Nature Magazine Editorial: Research decade must focus on climate

13/01/2020 - Helping to limit anthropogenic global warming should be a prime task of science in the 2020s. “The coming decade must focus on climate change”, states a recent editorial of the world-leading scientific journal Nature. The 2010s saw breakthroughs in artificial intelligence via deep-learning technologies, in life sciences through the reprogramming of mature cells into stem cells, in physics with gravitational-wave detection and progress on quantum computing. While this was remarkable, the editors proclaim that “with new knowledge, and a renewed dedication to social and environmental responsibility, the 2020s must be transformational”.
Nature Magazine Editorial: Research decade must focus on climate
Earth curvature. Photo: iStock

“The pace of warming means that the window for avoiding temperature rises of 1.5 or 2°C is now frighteningly small. The 2020s will be a make-or-break,” Nature maintains in unequivocal terms. “If carbon emissions are not drastically reduced by 2030, we will be entering uncharted territory, including the possibility (…) of passing irreversible tipping points such as the widespread loss of Antarctic ice.”

Statement refers to tipping-elements analysis as advanced by PIK and partner institutes

Nature builds this stern warning on a recent high-profile publication on tipping elements in the Earth system, conceived by an international team of scientists led by the Potsdam Institute for Climate Impact Research (PIK), Exeter University and Australia National University. “This is not about ice bears but about our very own life-support systems, about feeding a world population of 10 billion people and avoiding ever more disastrous weather extremes,” says Johan Rockström, Director of PIK and co-author of the article on tipping elements. “We can protect a safe operating space for humanity within planetary boundaries if we cut in half our greenhouse gas emissions every decade.”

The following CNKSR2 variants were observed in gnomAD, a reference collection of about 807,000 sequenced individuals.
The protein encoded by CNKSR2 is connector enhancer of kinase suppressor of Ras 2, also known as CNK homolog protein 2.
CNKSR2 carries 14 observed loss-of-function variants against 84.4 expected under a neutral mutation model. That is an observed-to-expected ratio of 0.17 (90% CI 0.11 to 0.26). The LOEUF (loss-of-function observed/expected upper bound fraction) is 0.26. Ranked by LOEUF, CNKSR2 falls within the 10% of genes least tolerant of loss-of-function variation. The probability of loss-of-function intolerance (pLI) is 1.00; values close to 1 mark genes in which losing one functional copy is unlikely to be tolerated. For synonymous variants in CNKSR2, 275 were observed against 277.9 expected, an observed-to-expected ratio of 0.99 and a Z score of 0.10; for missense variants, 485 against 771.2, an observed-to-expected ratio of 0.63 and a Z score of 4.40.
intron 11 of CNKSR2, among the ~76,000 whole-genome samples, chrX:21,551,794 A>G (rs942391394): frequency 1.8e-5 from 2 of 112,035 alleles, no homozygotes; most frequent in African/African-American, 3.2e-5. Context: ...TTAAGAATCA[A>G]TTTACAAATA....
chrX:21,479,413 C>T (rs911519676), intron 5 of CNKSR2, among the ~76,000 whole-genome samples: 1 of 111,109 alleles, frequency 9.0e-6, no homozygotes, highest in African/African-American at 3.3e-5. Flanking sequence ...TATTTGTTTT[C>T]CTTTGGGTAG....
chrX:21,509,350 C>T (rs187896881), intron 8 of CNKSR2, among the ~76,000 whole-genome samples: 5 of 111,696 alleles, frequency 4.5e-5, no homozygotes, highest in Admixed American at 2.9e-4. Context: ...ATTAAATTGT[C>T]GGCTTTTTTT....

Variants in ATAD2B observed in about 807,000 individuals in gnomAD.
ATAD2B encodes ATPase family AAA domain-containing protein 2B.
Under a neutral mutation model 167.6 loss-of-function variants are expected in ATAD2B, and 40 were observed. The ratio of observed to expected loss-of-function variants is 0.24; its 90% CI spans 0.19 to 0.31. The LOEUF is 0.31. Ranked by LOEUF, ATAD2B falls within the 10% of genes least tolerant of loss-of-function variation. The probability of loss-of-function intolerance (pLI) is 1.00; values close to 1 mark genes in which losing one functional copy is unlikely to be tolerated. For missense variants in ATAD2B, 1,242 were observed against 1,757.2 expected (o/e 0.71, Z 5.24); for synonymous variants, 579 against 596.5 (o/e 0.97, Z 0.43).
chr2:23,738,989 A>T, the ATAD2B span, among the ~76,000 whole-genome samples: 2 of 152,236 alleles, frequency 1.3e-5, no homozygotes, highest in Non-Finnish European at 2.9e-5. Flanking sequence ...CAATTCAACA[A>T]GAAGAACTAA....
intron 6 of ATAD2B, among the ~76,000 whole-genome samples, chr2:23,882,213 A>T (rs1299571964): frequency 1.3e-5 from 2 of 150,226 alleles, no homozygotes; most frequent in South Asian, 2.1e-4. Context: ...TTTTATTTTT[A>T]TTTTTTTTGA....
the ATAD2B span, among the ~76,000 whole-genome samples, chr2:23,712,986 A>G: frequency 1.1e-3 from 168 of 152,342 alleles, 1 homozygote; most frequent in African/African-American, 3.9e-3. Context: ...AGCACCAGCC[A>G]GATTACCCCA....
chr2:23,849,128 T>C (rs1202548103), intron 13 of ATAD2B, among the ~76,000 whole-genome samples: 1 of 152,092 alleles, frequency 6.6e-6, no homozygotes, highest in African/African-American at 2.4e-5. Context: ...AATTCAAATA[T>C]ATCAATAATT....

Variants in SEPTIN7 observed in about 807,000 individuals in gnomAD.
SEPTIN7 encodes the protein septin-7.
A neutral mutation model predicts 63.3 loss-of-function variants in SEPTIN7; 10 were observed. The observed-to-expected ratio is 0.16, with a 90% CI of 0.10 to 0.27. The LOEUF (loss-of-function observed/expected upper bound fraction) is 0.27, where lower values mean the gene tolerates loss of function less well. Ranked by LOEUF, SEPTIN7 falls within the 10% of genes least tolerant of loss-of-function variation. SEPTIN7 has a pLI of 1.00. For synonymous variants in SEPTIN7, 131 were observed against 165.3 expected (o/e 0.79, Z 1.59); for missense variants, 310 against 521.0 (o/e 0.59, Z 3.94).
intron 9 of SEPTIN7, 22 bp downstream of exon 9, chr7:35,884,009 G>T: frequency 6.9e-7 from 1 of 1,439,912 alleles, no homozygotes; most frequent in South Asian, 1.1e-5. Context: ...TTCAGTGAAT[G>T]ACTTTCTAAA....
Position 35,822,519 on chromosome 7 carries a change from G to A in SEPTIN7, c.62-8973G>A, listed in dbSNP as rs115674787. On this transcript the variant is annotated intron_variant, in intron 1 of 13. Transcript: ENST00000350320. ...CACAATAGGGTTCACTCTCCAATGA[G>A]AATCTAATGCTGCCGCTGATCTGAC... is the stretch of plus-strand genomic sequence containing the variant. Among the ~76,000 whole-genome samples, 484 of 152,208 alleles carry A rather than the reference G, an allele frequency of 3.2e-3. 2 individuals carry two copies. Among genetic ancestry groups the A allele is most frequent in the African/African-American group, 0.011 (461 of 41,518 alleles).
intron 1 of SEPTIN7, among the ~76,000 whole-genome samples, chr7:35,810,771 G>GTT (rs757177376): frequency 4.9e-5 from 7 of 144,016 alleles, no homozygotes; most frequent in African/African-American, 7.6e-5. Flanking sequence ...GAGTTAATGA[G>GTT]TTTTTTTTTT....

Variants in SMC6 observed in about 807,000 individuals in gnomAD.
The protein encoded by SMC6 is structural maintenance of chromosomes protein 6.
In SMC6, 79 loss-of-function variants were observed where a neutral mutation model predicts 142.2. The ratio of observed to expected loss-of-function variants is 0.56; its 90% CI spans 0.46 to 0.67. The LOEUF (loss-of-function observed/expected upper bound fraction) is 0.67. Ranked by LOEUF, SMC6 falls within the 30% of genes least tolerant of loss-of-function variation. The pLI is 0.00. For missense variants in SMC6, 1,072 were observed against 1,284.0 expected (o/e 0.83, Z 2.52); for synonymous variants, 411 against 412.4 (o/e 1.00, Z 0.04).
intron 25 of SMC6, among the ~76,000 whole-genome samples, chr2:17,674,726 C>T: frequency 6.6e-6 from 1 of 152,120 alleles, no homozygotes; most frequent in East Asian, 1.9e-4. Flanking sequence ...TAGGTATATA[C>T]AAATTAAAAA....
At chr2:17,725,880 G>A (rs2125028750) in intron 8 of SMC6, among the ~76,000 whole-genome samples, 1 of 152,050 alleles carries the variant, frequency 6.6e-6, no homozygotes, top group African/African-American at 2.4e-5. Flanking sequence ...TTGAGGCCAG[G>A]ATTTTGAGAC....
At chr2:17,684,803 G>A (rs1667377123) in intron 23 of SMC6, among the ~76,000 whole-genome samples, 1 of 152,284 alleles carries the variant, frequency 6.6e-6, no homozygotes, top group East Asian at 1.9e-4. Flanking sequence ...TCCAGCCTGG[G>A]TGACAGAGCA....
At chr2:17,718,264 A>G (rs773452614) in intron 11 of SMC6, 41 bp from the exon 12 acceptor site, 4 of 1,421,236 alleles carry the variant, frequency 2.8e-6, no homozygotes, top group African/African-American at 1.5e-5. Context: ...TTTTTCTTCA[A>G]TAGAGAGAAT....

While there is a big risk of triggering catastrophic tipping processes in the planetary environment, there is also the hope for activating social tipping processes towards sustainability, explains the concept’s initiator, PIK’s Director Emeritus Hans Joachim Schellnhuber, who also co-authored the paper on tipping elements. “We can still innovate ourselves out of this crisis, if decision-makers in politics and business not only accept the science, but step up to their responsibility towards future generations at last. Change must and will come.”

Researchers “must fight to restore the status of facts and truth”

Clean energy is key, the Nature editorial emphasizes. “Other ways to create energy while reducing carbon emissions need to become viable on a large scale in the coming ten years. Researchers must pursue innovative technologies such as carbon capture or splitting water through artificial photosynthesis, but solutions must also include significant changes to how the energy economy is run. Navigating a more sustainable path will require ambitious political and industrial will, as much as scientific ingenuity.”

“In many countries – especially those afflicted by varying degrees of authoritarianism and climate change denial, that will is in short supply,” the editors find. “But researchers must not lose hope. Working with civil society, they must step up, get out of their comfort zones and recognize activism as part of their mission. And they must fight to restore the status of facts and truth.”

Weblink to Nature editorial:

Weblink to PIK tipping elements study: (press release here)